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The Honolulu Advertiser
Posted on: Saturday, January 23, 2010

Boulders hit Kalihi complex


By Suzanne Roig
Advertiser Staff Writer

Hawaii news photo - The Honolulu Advertiser

Two large boulders came to rest against Kalihi Valley Homes in Kalihi Valley yesterday after becoming dislodged and rolling down the hillside.

DEBORAH BOOKER | The Honolulu Advertiser

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Hawaii news photo - The Honolulu Advertiser
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Nine families at a Kalihi Valley apartment complex have been temporarily relocated after two boulders one the size of a car rumbled down a hillside and crashed into their building yesterday morning.

No one was hurt, and the boulders did not penetrate the two-story, concrete block apartment building at Kalihi Valley Homes, a government housing complex. But the impact knocked cabinets off walls and caused rebar to punch through a wall.

The nine families will stay in vacant units at the complex until at least Wednesday while an engineer and a geologist assess the hillside's stability, said Alan Sarhan, a planner with the Hawai'i Housing Authority.

"It felt like it was an earthquake," said resident Sese Sakaria, 57, who was asleep in a second-floor bedroom above where the boulders landed about 8:30 a.m. "The floor began to shake. I woke up when I heard a neighbor calling my daughter, who wasn't home at the time. I am lucky.

"I will be going to church to thank God."

The two boulders crashed through a chain-link fence above the complex before coming to rest on a patio, near clotheslines filled with clothes.

Normally, children are outside playing and adults are out doing laundry, said Ligo Letuli, Kalihi Valley Homes deputy manager.

"These are family units," Letuli said. "It is one of those unfortunate things that happen."

It is not uncommon for boulders to come down from Isle hillsides, including those in populated areas. In August 2002, Dara Onishi, 25, was killed when a boulder hit her family's Nu'uanu home as she slept. Three months later two boulders the size of garbage Dumpsters rumbled down the hillside above the Lalea condominium in Hawai'i Kai, prompting the evacuation of 26 families for 11 months.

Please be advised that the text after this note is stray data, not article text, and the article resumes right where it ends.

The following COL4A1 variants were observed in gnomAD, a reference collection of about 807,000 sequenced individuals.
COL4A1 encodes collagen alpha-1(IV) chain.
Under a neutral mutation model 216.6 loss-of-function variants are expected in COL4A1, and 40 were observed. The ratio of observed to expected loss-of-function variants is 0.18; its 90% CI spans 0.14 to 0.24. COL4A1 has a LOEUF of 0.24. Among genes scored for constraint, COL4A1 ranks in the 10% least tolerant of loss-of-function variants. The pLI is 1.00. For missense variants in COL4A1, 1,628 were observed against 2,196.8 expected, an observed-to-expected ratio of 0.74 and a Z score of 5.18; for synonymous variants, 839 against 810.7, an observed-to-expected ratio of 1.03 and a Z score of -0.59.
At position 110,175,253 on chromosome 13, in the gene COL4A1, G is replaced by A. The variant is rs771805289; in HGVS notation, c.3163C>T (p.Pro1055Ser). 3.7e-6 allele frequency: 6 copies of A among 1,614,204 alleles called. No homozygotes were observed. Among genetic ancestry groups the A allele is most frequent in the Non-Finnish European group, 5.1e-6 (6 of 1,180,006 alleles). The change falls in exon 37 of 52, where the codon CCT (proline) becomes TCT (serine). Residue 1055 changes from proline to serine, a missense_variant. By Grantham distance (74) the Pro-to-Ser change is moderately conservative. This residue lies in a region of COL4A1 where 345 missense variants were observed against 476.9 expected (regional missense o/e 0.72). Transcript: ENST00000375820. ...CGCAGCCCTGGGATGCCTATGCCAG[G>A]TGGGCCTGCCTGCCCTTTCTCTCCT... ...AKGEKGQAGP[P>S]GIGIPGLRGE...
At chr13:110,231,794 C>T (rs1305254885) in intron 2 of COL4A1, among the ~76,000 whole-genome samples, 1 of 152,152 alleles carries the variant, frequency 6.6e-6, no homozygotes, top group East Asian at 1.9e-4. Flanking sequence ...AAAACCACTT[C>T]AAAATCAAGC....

In yesterday's incident, the biggest boulder was about 8 feet high.

The boulders appear to have come from an area owned by the Honolulu Board of Water Supply, the agency said last night. The agency hired a geotechnical engineering firm to assess the area and make recommendations for immediate corrective action, agency spokeswoman Moani Wright-Van Alst said in a news release.

The agency was also working to hire a contractor to remove the fallen boulders, she said.

The housing authority is sending out a structural engineer and a geologist to do an assessment, Sarhan said.

The displaced families were allowed into their homes to get medication. Letuli said additional security will be hired to ensure that the residents' vacated apartments aren't looted.

The building affected by the boulders was recently renovated, Sarhan said. The impact might have affected the electrical and water pipes in the building, he said.

Sister Patty Johnson, who has lived at Kalihi Valley Homes for 20 years, said it was the first such rockfall there she has experienced. Johnson, who is with the Sisters of St. Joseph, operates a lending library out of the home that she shares with another sister, Brenda Lau.

The boulder damaged their kitchen wall and rebar is sticking out of the wall, Johnson said.

"It looks like the rebar punched through," Johnson said. "The police tell me the damage is pretty extensive. They won't let us in there. Fortunately, no one was hurt."

Ironically, Johnson said every time she is outside hanging laundry she thinks about how close the mountain is and how easy it would be for a boulder to come down.

"I've always been aware of the boulders, but I've never felt in any danger," Johnson said. "I always felt the buildings were sturdy enough to withstand anything."